They built a system that, at the press of a button, would query ChatGPT for a 10-note melody in a given musical key. Once the note sequence is generated by the large language model, it’s played out by a PWM-based synthesizer running on a Raspberry Pi Pico.

Ultimately, ChatGPT is no musical genius. It’s simply picking a bunch of notes from a list that are known to work together melodically; that’s the whole point of musical keys. It would have been wild if it generated some riffs on the level of Stairway to Heaven or Spontaneous Devotion, but that might be asking for too much.

Here’s the question, though. If you trained a large language model, but got it to digest sheet music instead of written texts… could it learn to write music in various genres and styles? If someone isn’t working on that already, there’s surely an entire PhD you could get out of that idea alone. We should talk!

In any case, it’s one of the more creative projects from the ever-popular ECE 4760 class at Cornell. We’ve featured a bunch of projects from the class over the years, and noted how the course now runs on the RP2040. Continue reading “Audio Synthesizer Hooked Up With ChatGPT Interface”

Robot Pianist Runs On Arduino Nano

The piano has been around for a long time now. Not long after its invention, humans started contemplating how they could avoid playing it by getting a machine to do the job instead. [vicenzobit] is the latest to take on this task, building a “Robot Pianista” that uses a simple mechanism to play a tune under electronic command (Spanish language, Google Translate link).

An Arduino Nano is the heart of the build, paired with a shield that lets it run a number of servo motors. The servos, one per key, are each assembled into a 3D-printed bracket with a cam-driven rod assembly. When the servo turns, the cam turns, and pushes down a rod that presses the piano key.

The build is limited in the sense that you can only play as many keys as you have servo channels, but nonetheless, it does the job. With eight servos, it’s able to play a decent rendition of Ode to Joy at a steady tempo, and that’s an excellent start.

We’ve featured some great mechanized instruments before, too. Video after the break.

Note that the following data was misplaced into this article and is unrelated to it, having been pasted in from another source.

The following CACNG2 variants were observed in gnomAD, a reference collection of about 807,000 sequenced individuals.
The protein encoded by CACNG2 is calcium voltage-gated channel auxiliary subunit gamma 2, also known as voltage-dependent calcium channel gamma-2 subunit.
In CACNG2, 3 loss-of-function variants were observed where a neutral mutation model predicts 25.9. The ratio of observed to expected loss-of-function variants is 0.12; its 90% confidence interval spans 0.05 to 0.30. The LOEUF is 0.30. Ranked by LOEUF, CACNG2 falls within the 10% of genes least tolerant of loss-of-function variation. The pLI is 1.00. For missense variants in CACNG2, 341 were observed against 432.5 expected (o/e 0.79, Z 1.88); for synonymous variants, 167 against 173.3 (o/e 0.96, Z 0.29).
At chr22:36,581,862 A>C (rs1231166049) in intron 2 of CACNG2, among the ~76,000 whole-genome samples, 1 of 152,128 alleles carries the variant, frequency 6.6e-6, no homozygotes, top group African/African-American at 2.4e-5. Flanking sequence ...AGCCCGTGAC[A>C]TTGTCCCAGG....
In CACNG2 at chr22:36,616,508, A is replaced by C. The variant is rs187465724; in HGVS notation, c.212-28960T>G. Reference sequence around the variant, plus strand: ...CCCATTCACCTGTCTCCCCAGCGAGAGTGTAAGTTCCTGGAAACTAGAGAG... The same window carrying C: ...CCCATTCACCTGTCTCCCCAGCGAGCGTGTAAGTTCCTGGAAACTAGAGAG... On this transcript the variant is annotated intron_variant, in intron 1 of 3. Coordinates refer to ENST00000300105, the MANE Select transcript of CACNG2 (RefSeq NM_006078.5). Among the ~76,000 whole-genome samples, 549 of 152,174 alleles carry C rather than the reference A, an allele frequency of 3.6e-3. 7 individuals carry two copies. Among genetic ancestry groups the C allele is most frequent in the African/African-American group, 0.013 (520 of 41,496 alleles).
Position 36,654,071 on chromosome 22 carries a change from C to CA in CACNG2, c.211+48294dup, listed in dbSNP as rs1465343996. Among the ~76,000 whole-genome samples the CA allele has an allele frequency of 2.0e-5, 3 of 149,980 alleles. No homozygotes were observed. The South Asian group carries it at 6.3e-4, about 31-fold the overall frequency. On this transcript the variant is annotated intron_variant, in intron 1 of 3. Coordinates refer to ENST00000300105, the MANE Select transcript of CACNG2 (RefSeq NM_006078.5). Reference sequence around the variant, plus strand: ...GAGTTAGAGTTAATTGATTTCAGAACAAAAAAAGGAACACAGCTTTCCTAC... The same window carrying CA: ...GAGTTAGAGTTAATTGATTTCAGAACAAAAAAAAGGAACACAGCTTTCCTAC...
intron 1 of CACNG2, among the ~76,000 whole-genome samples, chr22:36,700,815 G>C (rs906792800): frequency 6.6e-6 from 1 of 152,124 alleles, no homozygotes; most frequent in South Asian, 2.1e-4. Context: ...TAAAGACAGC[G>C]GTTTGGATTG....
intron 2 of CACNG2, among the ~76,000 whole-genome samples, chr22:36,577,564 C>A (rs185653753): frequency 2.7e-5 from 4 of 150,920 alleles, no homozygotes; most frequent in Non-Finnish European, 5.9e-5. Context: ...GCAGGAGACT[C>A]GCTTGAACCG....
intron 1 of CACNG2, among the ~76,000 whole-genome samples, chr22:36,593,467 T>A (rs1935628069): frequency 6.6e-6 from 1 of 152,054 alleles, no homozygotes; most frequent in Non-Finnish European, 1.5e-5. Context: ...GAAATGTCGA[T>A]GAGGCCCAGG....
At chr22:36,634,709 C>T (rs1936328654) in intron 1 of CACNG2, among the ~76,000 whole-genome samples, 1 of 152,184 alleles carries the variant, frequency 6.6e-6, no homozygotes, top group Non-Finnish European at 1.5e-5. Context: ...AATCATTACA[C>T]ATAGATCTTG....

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Turning A Saxophone Into A MIDI Controller

Most of the time, if you’re looking for a MIDI controller, you’re going to end up with some kind of keyboard or a fancy button pad. The saxophone is an altogether more beguiling instrument that makes for one hell of an interface, but there’s a problem: they’re seldom MIDI-compatible. This build from [AndrewChi] changes all that.

This digitized sax relies on a SparkFun ESP32 Thing as the brains of the operation. It uses Hall effect sensors, the digital switch type, to detect the action of the keys of the sax. Choosing parts that are quick to respond is key for musical use, so [AndrewChi] selected the Texas Instruments DRV5023 for its unipolar operation, short output delay and fast rise time. Beyond setting up the basic keys to send MIDI notes, the instrument also received additional octave controls for greater range. With sensors and magnets attached to the saxophone and keys with Sugru, the instrument is ready to serve as a capable MIDI controller. Thanks to the ESP32, it’s capable of sending MIDI data wirelessly over Bluetooth for the maximum freedom of performance.

It’s a nifty build, and a great way for wind players to get into the world of controlling digital synthesizers in an intuitive fashion. We’ve seen some great MIDI controller builds before, too.

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Upgraded Toy Guitar Plays Music